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You Visit Tour. Webb Lion Fountain. June 1 2017. Photo David B. Hollingsworth

ODU's Institute of Learning in Retirement Keeps Its Members Engaged With Education, Community and Each Other

By Betsy Hnath

"Education is not preparation for life; it is life itself," American philosopher and educator John Dewey once said. If so, the members of Old Dominion University's Institute for Learning in Retirement (ILR) are living their lives to the fullest.

The organization, planned and operated by and for active retired adults, provides classes, social opportunity and travel for individuals 55 and over.

ILR's are available in communities across the country.

ODU's is one of over 300 in the Road Scholar Institute Network and is also one of the largest ILR's in Virginia.

While a typical ILR group lasts just seven years, the ODU ILR has steadily grown since it began in 1993, when it offered four classes to 15 interested participants.

As of January 2018, the organization counted well over 900 regular members. Each calendar quarter it offers 20 to 25 courses planned by a curriculum committee.

ODU belongs to the Road Scholar Institute Network. is one of more than 300 like it affiliated with the Road Scholar Institute Network, which one of more than 300 nationwide. Old Dominion's is one of the largest in Virginia.

Classes are usually two-hour lectures about topics of interest to the members - everything from financial planning to herbal gardening. They are taught by faculty at ODU and other colleges and universities, as well as local experts and ILR members.

Members pay a $20 annual fee and $10 per class.

Aside from classes, ILR members have taken day trips to such sites as the Virginia Aquarium and Marine Science Center and the Virginia Zoo. They've also gone canoeing and kayaking and taken overnight trips to destinations like the Biltmore Estate in Asheville, N.C.

Carolyn Schmick, ILR vice president and newsletter editor, knows how valuable the organization can be to members of the senior community.

"The first year I moved from New York to Virginia Beach, I was invited on an ILR trip because there was a last-minute cancellation. By the time we got home that night, I was asked to be the newsletter editor. I accepted and joined the ILR the next day. It was the smartest move I made," Schmick said. "I met other seniors, found a way to contribute to a significantly worthwhile organization and enjoyed the choices of classes, social events and trips."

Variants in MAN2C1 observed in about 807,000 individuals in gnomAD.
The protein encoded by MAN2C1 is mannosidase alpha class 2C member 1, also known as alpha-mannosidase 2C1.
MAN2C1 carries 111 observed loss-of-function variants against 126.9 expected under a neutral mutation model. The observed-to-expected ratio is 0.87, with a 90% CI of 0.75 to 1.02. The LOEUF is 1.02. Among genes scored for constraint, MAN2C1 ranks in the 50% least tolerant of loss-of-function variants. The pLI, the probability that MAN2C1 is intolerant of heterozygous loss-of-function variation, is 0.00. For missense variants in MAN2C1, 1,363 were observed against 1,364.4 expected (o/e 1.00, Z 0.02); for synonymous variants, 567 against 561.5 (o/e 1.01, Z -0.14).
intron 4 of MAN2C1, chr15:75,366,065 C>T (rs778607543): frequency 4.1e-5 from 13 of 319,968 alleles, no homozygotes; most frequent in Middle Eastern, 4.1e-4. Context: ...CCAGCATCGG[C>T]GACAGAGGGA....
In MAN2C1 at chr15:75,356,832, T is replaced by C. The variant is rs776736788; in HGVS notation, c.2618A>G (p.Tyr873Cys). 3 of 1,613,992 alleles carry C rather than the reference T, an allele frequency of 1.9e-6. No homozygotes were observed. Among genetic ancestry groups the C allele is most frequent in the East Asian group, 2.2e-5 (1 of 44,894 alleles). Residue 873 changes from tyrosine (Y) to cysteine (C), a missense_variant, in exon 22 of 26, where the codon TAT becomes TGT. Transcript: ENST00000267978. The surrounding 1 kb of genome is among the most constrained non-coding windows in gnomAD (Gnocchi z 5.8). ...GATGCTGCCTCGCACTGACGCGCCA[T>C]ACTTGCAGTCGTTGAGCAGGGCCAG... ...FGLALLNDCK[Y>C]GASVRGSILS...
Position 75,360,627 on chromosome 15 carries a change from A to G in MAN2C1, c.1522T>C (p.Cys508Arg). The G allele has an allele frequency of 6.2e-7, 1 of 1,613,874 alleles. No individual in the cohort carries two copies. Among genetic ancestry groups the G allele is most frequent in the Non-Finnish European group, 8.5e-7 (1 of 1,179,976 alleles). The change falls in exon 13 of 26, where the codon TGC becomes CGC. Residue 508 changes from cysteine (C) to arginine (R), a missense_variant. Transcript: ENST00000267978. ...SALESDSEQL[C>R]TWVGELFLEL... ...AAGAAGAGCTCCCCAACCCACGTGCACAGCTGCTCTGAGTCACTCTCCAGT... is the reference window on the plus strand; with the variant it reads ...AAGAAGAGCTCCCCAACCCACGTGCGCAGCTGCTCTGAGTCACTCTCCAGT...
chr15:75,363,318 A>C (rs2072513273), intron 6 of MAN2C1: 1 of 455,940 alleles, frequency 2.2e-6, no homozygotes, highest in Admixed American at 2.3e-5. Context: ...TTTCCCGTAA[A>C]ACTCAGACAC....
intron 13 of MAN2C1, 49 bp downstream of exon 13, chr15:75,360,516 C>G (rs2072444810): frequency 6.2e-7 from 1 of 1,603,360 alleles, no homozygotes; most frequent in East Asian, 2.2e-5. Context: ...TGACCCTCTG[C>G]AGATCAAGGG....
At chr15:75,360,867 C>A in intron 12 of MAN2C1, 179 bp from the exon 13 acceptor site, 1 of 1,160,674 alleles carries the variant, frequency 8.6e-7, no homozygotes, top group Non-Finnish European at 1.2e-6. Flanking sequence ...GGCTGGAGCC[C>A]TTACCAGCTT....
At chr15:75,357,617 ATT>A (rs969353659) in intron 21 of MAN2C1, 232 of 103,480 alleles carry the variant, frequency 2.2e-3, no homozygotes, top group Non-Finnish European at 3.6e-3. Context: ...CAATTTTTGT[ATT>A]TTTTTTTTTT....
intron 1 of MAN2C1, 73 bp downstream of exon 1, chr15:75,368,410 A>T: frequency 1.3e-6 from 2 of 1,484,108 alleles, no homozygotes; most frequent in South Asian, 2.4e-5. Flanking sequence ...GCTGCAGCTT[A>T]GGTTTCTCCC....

Service is a priority for the ILR. Each holiday season, members volunteer to assist the Salvation Army with its Toys for Tots and holiday gift programs.

Some of the money raised from annual and class fees helps fund an annual ILR scholarship, awarded to an ODU student. The recipient can be of any age but must be pursuing a graduate degree.

Winners receive $2,000 per semester for a total of $8,000 over a two-year period.

Nevin Mapp used her 2015 ILR scholarship toward her master's degree in international studies.

In a letter to the ILR, Mapp thanked the organization for its support.

"I have had an extremely rewarding experience because of your organization's commitment to lifetime learning. Pursuing a graduate degree has been both challenging and exciting," Mapp wrote. "I learned a great deal about international studies as well as myself. I had to balance life, work and my time. Through all of this, however, I learned more about commitment, patience, and perseverance. Thank you for helping me reach my educational goals. This whole experience has been amazing."

The Old Dominion ILR shows no sign of slowing, as more in the community become aware of what it has to offer.

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